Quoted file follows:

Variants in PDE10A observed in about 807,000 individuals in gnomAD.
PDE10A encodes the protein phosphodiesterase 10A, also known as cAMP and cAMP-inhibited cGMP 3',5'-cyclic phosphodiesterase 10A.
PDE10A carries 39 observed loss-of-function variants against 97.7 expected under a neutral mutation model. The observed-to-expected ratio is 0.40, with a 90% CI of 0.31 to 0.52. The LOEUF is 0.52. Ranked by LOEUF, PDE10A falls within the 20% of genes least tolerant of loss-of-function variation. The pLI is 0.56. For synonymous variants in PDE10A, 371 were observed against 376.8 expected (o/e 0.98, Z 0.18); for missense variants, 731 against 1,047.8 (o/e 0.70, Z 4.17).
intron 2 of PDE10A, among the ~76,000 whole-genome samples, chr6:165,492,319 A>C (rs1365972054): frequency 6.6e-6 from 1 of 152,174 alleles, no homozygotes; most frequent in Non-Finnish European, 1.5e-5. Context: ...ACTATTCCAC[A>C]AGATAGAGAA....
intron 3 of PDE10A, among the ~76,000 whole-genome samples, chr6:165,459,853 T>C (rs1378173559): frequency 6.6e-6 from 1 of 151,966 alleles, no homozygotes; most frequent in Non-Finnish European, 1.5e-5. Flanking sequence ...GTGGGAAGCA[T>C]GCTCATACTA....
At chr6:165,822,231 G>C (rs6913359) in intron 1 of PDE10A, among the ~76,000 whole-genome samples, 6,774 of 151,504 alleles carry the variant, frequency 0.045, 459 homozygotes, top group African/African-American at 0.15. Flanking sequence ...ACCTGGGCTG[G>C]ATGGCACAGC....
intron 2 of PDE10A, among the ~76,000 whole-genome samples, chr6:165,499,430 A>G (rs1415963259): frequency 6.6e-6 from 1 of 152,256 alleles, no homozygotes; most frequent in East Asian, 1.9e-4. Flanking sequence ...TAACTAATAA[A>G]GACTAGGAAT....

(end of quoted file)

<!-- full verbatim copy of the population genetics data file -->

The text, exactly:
Variants in PDE10A observed in about 807,000 individuals in gnomAD.
PDE10A encodes the protein phosphodiesterase 10A, also known as cAMP and cAMP-inhibited cGMP 3',5'-cyclic phosphodiesterase 10A.
PDE10A carries 39 observed loss-of-function variants against 97.7 expected under a neutral mutation model. The observed-to-expected ratio is 0.40, with a 90% CI of 0.31 to 0.52. The LOEUF is 0.52. Ranked by LOEUF, PDE10A falls within the 20% of genes least tolerant of loss-of-function variation. The pLI is 0.56. For synonymous variants in PDE10A, 371 were observed against 376.8 expected (o/e 0.98, Z 0.18); for missense variants, 731 against 1,047.8 (o/e 0.70, Z 4.17).
intron 2 of PDE10A, among the ~76,000 whole-genome samples, chr6:165,492,319 A>C (rs1365972054): frequency 6.6e-6 from 1 of 152,174 alleles, no homozygotes; most frequent in Non-Finnish European, 1.5e-5. Context: ...ACTATTCCAC[A>C]AGATAGAGAA....
intron 3 of PDE10A, among the ~76,000 whole-genome samples, chr6:165,459,853 T>C (rs1378173559): frequency 6.6e-6 from 1 of 151,966 alleles, no homozygotes; most frequent in Non-Finnish European, 1.5e-5. Flanking sequence ...GTGGGAAGCA[T>C]GCTCATACTA....
At chr6:165,822,231 G>C (rs6913359) in intron 1 of PDE10A, among the ~76,000 whole-genome samples, 6,774 of 151,504 alleles carry the variant, frequency 0.045, 459 homozygotes, top group African/African-American at 0.15. Flanking sequence ...ACCTGGGCTG[G>C]ATGGCACAGC....
intron 2 of PDE10A, among the ~76,000 whole-genome samples, chr6:165,499,430 A>G (rs1415963259): frequency 6.6e-6 from 1 of 152,256 alleles, no homozygotes; most frequent in East Asian, 1.9e-4. Flanking sequence ...TAACTAATAA[A>G]GACTAGGAAT....